I love the Ball Band Dishcloth for what I call a "second step" student. They should be confident knitting and purling, but maybe they don't have a lot of experience reading a pattern or following a pattern repeat. The dishcloth is just difficult enough so that they can learn those things, but not so difficult that it's discouraging. 

Plus, they're relatively cheap to knit and make great gifts. What's not to love?

Wednesday, May 03, 2017

Crafting the Resistance

Those of you who follow me on social media already know this, but just in case you missed it, I have a new (co-authored) book scheduled to come out in August. It's called Crafting the Resistance.


Like many of you, I was a little bit consumed at the end of last year. When the chance came to do something, I grabbed it with both hands. I hope that, in a small way, my work will help other people resist, insist, persist, and enlist.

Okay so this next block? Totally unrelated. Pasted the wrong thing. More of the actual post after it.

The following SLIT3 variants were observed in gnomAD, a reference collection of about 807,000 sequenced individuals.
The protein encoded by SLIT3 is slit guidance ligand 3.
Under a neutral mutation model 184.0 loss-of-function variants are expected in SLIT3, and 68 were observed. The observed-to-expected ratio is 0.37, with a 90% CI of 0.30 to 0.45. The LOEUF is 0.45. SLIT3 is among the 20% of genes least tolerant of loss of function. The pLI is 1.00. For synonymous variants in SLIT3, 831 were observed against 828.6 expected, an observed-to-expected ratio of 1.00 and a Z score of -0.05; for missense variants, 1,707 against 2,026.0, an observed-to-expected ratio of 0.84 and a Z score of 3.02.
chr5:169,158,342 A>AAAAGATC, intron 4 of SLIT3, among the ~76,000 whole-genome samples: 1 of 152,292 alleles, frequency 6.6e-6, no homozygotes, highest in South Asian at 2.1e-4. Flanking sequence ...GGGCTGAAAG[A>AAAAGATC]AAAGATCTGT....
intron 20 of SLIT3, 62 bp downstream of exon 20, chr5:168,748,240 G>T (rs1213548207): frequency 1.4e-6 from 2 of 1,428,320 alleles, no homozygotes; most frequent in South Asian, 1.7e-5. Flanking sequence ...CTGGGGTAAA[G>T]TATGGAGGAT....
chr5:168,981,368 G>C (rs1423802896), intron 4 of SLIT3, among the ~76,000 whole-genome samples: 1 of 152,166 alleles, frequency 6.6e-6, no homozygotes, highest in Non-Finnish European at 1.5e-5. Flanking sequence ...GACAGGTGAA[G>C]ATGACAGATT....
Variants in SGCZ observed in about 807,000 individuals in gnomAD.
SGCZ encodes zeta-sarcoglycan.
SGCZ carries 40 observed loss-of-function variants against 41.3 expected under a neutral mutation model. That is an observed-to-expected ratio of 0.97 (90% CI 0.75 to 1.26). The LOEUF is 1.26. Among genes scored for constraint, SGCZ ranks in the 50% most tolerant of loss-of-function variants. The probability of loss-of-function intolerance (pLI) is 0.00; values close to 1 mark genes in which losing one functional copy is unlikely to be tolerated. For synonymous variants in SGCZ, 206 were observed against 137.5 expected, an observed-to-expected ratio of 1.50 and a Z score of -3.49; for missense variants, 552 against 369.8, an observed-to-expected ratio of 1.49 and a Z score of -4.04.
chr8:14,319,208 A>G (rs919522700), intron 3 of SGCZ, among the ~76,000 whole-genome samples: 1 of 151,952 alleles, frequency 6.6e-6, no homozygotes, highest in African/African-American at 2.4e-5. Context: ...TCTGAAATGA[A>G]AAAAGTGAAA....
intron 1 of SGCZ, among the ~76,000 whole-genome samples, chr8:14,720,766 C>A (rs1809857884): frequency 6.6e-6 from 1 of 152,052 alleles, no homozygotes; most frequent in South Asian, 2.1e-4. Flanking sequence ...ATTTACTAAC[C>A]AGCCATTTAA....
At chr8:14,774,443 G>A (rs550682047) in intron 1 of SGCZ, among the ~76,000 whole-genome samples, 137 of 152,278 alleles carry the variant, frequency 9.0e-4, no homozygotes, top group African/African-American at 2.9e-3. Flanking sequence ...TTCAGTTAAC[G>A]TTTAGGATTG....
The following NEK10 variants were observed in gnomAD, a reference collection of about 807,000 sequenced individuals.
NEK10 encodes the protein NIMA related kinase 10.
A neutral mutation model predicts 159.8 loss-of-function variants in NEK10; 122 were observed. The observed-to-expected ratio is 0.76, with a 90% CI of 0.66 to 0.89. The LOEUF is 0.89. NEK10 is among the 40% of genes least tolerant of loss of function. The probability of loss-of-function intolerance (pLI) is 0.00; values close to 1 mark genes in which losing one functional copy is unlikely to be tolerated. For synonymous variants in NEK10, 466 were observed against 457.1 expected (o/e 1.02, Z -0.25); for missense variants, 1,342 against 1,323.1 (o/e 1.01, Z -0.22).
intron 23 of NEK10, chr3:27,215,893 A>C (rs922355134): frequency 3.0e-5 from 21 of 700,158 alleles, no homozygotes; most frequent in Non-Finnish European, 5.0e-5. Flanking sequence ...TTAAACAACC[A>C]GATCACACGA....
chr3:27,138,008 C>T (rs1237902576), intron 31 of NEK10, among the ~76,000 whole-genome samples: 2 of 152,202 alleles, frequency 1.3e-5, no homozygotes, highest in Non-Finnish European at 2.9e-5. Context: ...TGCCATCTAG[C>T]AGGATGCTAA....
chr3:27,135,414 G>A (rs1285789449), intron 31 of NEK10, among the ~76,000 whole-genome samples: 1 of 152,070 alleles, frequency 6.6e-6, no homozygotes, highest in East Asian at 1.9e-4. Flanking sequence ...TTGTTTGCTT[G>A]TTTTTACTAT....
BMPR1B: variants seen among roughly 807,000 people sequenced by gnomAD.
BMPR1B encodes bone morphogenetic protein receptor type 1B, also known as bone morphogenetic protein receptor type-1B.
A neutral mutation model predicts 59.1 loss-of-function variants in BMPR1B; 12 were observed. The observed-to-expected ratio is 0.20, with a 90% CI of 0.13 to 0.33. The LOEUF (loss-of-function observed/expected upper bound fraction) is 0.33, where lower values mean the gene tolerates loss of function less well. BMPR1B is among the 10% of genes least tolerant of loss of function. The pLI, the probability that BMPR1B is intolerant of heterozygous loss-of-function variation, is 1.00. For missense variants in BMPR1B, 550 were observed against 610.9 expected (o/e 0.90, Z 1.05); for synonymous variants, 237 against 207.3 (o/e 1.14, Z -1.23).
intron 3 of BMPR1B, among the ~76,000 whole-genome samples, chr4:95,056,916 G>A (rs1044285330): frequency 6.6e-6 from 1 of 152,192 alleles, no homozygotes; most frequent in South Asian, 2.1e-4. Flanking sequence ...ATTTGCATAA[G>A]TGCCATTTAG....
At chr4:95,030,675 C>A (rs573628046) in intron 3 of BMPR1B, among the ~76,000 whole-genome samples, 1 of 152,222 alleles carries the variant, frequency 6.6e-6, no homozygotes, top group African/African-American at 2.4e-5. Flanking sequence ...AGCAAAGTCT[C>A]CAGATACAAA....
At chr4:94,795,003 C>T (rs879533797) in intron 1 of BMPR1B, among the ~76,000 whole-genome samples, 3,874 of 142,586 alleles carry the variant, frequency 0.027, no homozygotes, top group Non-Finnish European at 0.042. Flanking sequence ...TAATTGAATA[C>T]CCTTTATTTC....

This work is very personal for me for many reasons. Here's one that I hope will resonate - Heather and I wanted to use many different skill sets to make the book as open as possible to all kinds of crafters. 

Craft books that cross lines from knitting to crochet to sewing and beyond don't always hit it off with crafters. There's a risk of not pleasing anyone as you attempt to reach everyone. It's a bit of a gamble, but I hope it works! 

Crafting the Resistance includes projects that use sewing, hot-iron transfer, knitting, stenciling, needle felting, wet felting, very basic quilting, and (a very little bit of) crochet.

The book is available for pre-order now and is set to release in August. A portion of the proceeds will be donated to Planned Parenthood. 

Wednesday, April 26, 2017

Stretch & Sew 1550: Fitted Basic Dress


Seriously, how could I resist this beauty? 10 darts - 6 on the bodice and 4 on the skirt. I think it was first released in 1967, but this is the 1974 version.